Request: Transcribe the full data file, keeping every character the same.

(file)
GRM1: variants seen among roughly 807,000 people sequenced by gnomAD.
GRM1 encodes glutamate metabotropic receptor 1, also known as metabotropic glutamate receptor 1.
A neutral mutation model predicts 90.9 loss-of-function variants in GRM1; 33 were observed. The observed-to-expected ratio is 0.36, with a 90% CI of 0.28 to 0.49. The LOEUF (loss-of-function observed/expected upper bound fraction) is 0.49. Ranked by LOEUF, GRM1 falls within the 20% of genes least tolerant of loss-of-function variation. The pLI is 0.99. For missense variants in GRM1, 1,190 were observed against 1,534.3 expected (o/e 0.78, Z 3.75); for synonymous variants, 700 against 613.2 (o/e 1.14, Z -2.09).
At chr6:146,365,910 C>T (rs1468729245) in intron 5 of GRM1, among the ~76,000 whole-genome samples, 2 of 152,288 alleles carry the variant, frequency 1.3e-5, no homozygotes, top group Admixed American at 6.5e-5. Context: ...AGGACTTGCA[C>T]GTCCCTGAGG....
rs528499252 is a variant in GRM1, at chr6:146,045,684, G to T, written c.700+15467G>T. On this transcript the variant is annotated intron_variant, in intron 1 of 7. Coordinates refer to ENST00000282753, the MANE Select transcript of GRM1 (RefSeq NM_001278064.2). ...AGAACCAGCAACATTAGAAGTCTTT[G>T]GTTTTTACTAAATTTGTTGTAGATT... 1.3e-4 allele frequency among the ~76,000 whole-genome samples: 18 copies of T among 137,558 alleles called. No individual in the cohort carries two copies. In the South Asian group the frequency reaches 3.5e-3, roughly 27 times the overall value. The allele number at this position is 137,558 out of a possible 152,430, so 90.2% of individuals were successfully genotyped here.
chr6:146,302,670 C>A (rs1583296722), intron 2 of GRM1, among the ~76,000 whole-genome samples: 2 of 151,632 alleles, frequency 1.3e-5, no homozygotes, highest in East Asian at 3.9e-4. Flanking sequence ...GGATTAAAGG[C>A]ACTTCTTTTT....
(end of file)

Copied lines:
GRM1: variants seen among roughly 807,000 people sequenced by gnomAD.
GRM1 encodes glutamate metabotropic receptor 1, also known as metabotropic glutamate receptor 1.
A neutral mutation model predicts 90.9 loss-of-function variants in GRM1; 33 were observed. The observed-to-expected ratio is 0.36, with a 90% CI of 0.28 to 0.49. The LOEUF (loss-of-function observed/expected upper bound fraction) is 0.49. Ranked by LOEUF, GRM1 falls within the 20% of genes least tolerant of loss-of-function variation. The pLI is 0.99. For missense variants in GRM1, 1,190 were observed against 1,534.3 expected (o/e 0.78, Z 3.75); for synonymous variants, 700 against 613.2 (o/e 1.14, Z -2.09).
At chr6:146,365,910 C>T (rs1468729245) in intron 5 of GRM1, among the ~76,000 whole-genome samples, 2 of 152,288 alleles carry the variant, frequency 1.3e-5, no homozygotes, top group Admixed American at 6.5e-5. Context: ...AGGACTTGCA[C>T]GTCCCTGAGG....
rs528499252 is a variant in GRM1, at chr6:146,045,684, G to T, written c.700+15467G>T. On this transcript the variant is annotated intron_variant, in intron 1 of 7. Coordinates refer to ENST00000282753, the MANE Select transcript of GRM1 (RefSeq NM_001278064.2). ...AGAACCAGCAACATTAGAAGTCTTT[G>T]GTTTTTACTAAATTTGTTGTAGATT... 1.3e-4 allele frequency among the ~76,000 whole-genome samples: 18 copies of T among 137,558 alleles called. No individual in the cohort carries two copies. In the South Asian group the frequency reaches 3.5e-3, roughly 27 times the overall value. The allele number at this position is 137,558 out of a possible 152,430, so 90.2% of individuals were successfully genotyped here.
chr6:146,302,670 C>A (rs1583296722), intron 2 of GRM1, among the ~76,000 whole-genome samples: 2 of 151,632 alleles, frequency 1.3e-5, no homozygotes, highest in East Asian at 3.9e-4. Flanking sequence ...GGATTAAAGG[C>A]ACTTCTTTTT....